Tony: Coaching assumes that you are the expert of your own life. You know better than anyone how things work in your life. My advice comes from my view of the world which includes my past experience, objectives and values. A coach works to assist the client in coming up with their own best “advice”.
As someone who is undergoing the coaching process, I’ve already seen marked results. When I make a discovery that moves me forward, it seems so obvious in hindsight. Couldn’t you just tell me what to do? My career could move much faster that way!
Andrea: This is very simple. What works for me, might not work for you. You have all the answers within you. It usually makes the client also feel a lot better if they come up with their own solutions.
Tony: Trouble is that before going through the coaching process with my client, I wouldn’t know what to tell you. Each coaching call is truly a discovery process. Coaches are trained to “peel the onion” by asking the client powerful questions.
Are you ever tempted to “lead” your client to the right answers?
Andrea: Yes! That is why it is so important that a coach has had formal training and has learning to be neutral. Sometimes with my clients we touch on areas that I have not worked out for myself and it is hard to stay neutral and not give advice or lead your client into your direction. As a coach, you learn to “self-clean” and stay out of your client’s business. Those are all things you learn during a formal coach training.
Tony: I agree with Andrea, that part of the formal training a coach goes through is focused on unlearning this desire. If you are looking for someone with experience in a field that can tell you what to do, you want to mentor, not a coach.
Your website focuses on family/relationship coaching, but my experience has been individual/career coaching. Am I the exception to the rule, or do you take on career coaching as well?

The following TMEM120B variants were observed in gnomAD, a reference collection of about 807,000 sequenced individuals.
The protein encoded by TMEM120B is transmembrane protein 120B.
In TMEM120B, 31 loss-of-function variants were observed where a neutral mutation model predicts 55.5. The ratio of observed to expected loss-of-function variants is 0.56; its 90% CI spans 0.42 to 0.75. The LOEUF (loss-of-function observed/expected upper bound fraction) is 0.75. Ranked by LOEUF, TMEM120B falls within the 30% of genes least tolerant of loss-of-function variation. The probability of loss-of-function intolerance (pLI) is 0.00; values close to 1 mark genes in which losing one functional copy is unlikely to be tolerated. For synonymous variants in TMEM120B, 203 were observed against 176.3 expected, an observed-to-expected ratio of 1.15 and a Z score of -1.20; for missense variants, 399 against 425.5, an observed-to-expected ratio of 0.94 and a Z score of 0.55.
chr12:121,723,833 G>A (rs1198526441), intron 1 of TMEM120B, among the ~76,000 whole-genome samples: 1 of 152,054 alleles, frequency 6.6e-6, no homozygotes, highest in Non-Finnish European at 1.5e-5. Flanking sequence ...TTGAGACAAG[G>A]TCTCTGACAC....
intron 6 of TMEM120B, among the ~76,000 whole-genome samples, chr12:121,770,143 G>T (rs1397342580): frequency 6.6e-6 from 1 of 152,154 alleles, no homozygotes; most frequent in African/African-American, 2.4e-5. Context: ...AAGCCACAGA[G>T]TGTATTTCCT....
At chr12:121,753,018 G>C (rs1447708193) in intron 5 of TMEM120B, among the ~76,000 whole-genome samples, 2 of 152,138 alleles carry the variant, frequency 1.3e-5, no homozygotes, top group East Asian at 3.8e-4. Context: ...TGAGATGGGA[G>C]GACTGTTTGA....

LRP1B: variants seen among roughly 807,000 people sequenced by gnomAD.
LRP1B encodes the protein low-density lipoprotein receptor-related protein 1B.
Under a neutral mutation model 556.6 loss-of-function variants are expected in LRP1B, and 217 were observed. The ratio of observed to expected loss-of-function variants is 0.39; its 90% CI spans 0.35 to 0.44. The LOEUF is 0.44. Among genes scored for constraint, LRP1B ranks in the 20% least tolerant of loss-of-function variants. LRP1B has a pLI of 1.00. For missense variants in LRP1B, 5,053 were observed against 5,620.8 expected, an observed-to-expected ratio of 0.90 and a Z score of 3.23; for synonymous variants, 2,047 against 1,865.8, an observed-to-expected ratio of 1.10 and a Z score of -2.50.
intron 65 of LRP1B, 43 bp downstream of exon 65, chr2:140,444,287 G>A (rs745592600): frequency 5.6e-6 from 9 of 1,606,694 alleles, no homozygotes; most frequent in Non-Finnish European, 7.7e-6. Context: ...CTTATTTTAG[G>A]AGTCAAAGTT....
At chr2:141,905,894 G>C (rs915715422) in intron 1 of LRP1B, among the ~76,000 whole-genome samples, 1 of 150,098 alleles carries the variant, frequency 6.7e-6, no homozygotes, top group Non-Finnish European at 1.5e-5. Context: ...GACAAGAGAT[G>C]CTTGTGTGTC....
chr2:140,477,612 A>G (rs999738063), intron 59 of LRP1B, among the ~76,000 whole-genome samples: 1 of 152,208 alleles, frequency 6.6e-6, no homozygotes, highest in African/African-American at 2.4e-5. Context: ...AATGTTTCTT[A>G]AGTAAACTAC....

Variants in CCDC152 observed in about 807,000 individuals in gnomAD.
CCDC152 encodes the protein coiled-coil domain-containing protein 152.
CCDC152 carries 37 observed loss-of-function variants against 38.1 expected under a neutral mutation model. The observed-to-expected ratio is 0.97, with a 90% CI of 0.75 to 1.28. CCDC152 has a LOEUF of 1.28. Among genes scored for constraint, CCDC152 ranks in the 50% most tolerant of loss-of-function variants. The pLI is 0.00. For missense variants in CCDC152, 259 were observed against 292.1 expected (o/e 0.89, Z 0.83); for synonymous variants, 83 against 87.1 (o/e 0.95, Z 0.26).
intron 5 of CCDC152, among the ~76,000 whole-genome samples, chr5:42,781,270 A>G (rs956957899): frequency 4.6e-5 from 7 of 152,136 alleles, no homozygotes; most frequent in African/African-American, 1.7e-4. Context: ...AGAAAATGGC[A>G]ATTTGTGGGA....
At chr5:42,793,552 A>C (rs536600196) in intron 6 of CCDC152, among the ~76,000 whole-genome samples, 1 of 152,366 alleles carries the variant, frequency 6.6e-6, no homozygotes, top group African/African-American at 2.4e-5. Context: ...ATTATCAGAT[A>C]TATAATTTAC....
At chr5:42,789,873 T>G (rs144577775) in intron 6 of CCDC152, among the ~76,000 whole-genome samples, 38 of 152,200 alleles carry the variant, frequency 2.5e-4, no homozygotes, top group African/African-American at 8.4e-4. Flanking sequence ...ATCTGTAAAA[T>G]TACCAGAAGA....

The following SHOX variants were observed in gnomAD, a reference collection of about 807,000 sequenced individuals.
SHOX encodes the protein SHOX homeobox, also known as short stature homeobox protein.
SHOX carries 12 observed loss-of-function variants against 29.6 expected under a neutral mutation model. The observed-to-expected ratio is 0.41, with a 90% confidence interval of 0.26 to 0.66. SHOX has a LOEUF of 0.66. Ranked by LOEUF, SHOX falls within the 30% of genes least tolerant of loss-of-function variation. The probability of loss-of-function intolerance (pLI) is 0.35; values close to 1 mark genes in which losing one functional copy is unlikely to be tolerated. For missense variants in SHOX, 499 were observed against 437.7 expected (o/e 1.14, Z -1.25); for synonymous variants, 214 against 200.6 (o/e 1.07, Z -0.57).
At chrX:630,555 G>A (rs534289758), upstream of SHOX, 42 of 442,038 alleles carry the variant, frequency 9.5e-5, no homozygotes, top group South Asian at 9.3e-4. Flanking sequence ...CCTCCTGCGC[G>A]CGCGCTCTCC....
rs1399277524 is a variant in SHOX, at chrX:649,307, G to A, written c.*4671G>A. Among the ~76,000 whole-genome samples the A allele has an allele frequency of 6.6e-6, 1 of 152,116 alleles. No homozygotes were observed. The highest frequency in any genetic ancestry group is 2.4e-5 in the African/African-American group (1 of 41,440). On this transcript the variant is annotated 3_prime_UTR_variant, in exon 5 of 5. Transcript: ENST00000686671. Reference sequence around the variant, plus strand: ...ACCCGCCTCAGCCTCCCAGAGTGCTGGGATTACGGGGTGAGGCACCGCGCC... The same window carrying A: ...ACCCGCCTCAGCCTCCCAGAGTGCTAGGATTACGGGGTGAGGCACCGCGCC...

Andrea: I simply do not want to coach business clients. My areas of coaching are Relationship, Leadership and individual coaching. All those areas could include a change of career as well but that is not what I am focusing on.
Tony: I have recently completed training as a leadership coach which focuses on individuals.
Sometimes a writer can’t focus because of what’s going on in the household. For those with family/relationship problems, how can coaching help them? Does the entire family have to be involved?
Andrea: I think coaching is a great way to assist families in getting better results. Traditionally, if one of the family members are “not working” the whole family is out of balance. For one family member to go to counseling, hoping that they will be fixed and things will be changing is usually not working. Counseling is a great way to figure out what went wrong in the past and why…coaching is a way to plan for the future having that knowledge.
In cases where they family includes teenagers, I would absolutely include them…if the kids are under 10, it might be more effective to just coach the parents.
What led you into personal coaching?
Andrea: My 13 year old son that had counseling for 7 years went out of control and we looked for help. That is when we were introduced to coaching.
I’m sure I’m not the only writer who could use help discovering effective methods to advance his or her career. If you could give one piece of advice to our readers, what would it be?
If you are interested in being coached, ensure the coach has completed formal training. Most coaches will also offer a session at no charge which can allow you to experience coaching before you commit to a contract.
Thank you Andrea and Tony! If you’re interested in trying professional coaching, you can contact the Voirins through their web site .